- Contributed by
- People in story:
- John Beal
- Location of story:
- Nostell Priory Yorkshire
- Background to story:
- Article ID:
- Contributed on:
- 14 February 2004
Discipline For The Young Soldier.
It was when I was nearing the end of my wireless operators training in Yorkshire at the 39th Training Regiment Royal Artillery. The army had taken over the lovely country house, Nostell Priory near Wakefield,and before that at another country house near Bretton near Barnsley. We were allocated the stables for our billet and the part of the house was allocated to the officers.
My mates and I were enjoying a well earned day out in Wakefield after training on the Yorkshire moors for a few weeks. The time had come for us to return to our billets. We were waiting for transport near the Bull Ring. I had not noticed that a Regimental Policeman from the training regiment was nearby. Unfortunately for me I was not wearing my beret at the time. He spotted me, and gave me a good dressing down and also put me on report.
In due course I was called before the Commanding Officer to face the music. I was double marched into his room, and the charge read out. I was really shaking in my shoes because it was made to feel a very serious offence. Just leaving my hat off, well I thought a severe reprimand would be forthcoming. That was not to be, after a good dressing down I was given seven days confined to barracks. Fair enough,I thought I was not going out that week anyway there was little left of my fourteen shillings pay,I only had twentyone shillings in first place the other seven shillings was sent home for my parents. Seven days easy days so I thought, but what a shock I had coming to me.
This is how my following seven days were spent. Up before reveille, and report to the guardroom at the end of the drive,at 0630hrs in FSMO in other words full kit. Boots and brasses highly polished,big pack,small pack,ammunition pouches
and nearly everything I possessed. The guard commander was a member of the permanent staff, not a very friendly chap you might say. It did not matter how well represented you were, your rifle was not up to standard,your brasses needed a better polish and generally he thought you were in a proper mess. "Next time you come to the guard room like that, you will get another seven days jankers".
This was only the start of it. After the inspection by the guard commander it was back to the billet a quick change into denims, lay my kit on the bed for Orderly Officers routine billet and kit check. Then it was time for roll call, just quick parade to make sure everyone was present. In other words making sure nobody was away AWOL. Then to snatch a breakfast before parading in our working gear at 0800hrs for our daily training. We carried on with this until 1700hrs. For the rest of the squad they had finished for the day, unless they were on guard duty, or fire piquet duty. The defaulter, that was myself,had to hurry and get my equipment ready for inspection behind the guard at 1800hrs. After this change into denims again and report to the cookhouse to do fatigues, peeling spuds , washing pans and anything else that was needed. By this time I was well and truly Kn-----d!. Still I was not yet finished. Full kit again and then report to the guard room and the usual remarks from the guard commander. Hurriedly back to the billet and a sleep until starting the daily routine all over again.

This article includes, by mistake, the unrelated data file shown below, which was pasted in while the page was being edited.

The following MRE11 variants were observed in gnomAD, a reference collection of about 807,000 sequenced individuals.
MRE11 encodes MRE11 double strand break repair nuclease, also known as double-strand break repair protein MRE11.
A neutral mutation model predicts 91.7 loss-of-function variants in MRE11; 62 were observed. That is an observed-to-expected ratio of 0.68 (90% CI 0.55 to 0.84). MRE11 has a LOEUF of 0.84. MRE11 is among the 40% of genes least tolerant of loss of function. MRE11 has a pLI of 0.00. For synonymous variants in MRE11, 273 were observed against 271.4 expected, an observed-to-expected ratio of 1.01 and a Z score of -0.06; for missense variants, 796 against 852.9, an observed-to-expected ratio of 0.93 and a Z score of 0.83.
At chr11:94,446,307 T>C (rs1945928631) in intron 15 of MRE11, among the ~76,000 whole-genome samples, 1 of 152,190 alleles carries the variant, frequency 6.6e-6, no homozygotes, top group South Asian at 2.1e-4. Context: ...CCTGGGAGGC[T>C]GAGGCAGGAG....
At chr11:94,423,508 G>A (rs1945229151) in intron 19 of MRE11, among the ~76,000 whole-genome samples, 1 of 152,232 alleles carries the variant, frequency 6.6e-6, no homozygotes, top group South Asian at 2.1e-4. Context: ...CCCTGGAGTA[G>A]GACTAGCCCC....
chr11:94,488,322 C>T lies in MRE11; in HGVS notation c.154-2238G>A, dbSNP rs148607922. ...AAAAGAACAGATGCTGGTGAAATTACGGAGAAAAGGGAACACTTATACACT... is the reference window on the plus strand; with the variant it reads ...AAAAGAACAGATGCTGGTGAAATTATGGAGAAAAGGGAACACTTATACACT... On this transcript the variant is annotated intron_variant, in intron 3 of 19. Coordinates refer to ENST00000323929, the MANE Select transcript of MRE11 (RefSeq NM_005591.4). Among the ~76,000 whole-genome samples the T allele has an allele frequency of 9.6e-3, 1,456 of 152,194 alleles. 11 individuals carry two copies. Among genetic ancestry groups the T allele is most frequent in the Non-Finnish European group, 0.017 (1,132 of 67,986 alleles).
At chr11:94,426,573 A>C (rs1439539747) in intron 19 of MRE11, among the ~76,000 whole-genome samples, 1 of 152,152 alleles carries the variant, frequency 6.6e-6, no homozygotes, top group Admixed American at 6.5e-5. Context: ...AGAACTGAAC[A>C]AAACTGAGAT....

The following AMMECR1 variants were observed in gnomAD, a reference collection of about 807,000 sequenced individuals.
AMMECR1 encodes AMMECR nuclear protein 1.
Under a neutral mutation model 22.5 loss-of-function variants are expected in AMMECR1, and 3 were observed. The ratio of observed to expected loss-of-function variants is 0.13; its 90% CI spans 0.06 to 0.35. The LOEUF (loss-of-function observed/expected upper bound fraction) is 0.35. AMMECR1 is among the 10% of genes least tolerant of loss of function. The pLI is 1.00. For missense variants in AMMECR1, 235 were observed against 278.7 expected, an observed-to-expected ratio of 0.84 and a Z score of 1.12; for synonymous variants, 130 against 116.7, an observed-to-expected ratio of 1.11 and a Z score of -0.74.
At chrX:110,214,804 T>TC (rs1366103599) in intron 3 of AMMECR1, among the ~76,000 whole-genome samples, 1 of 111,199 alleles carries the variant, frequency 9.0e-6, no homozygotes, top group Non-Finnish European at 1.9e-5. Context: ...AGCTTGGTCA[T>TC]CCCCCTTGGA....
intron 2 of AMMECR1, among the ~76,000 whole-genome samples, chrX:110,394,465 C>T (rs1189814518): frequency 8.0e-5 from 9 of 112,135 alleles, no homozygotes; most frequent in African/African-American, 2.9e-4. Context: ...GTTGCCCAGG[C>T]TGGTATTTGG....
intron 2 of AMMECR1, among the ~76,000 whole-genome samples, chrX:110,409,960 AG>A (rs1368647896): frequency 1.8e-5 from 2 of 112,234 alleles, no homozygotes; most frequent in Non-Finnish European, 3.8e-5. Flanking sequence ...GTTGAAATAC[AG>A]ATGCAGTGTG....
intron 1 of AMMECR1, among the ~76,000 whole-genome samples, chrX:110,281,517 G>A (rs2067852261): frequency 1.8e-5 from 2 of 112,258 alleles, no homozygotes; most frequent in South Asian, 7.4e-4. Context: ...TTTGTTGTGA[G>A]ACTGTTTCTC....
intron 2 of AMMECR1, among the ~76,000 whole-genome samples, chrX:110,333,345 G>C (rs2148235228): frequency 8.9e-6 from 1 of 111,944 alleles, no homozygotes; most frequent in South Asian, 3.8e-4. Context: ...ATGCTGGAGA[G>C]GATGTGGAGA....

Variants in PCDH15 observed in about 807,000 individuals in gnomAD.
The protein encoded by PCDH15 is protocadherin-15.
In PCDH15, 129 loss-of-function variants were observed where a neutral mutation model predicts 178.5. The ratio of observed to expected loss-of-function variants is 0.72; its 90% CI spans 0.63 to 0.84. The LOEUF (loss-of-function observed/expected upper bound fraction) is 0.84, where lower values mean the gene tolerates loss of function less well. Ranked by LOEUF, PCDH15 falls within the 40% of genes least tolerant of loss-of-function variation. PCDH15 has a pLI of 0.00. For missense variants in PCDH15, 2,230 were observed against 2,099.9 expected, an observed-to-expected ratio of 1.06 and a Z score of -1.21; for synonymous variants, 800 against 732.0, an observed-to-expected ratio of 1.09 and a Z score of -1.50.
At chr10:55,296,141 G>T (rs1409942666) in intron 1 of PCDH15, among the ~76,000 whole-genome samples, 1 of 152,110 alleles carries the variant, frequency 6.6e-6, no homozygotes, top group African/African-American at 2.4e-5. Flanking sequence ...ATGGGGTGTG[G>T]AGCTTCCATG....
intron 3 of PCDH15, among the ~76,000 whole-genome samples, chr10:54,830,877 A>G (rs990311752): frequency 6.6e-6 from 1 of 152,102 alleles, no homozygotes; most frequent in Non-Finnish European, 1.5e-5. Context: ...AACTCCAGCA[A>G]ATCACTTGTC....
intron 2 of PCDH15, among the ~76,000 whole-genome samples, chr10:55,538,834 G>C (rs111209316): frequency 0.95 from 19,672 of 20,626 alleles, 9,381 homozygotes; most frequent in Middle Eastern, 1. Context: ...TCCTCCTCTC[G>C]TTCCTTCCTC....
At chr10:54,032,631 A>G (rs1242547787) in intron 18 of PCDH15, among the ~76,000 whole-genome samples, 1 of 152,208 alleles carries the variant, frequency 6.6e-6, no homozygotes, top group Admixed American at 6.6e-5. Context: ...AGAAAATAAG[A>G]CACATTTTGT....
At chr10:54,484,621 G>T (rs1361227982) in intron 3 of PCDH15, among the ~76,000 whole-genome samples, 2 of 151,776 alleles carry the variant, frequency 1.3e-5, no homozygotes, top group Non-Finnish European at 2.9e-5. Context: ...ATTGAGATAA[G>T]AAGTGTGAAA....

This lasted for the whole week and I can honestly say that I did not ever break the rules again. In fact it set me up to get the best out of the army. After passing out as a driver wireless operator, was finally posted to the 10th. Field Regiment Royal Artillery The Second Indian Division (The Crossed Keys) in India.I did eventually get promoted to sergeant in the Royal Signals. Hopefully I will recall some of my experiences during the independence years 1945-48.later in the year.
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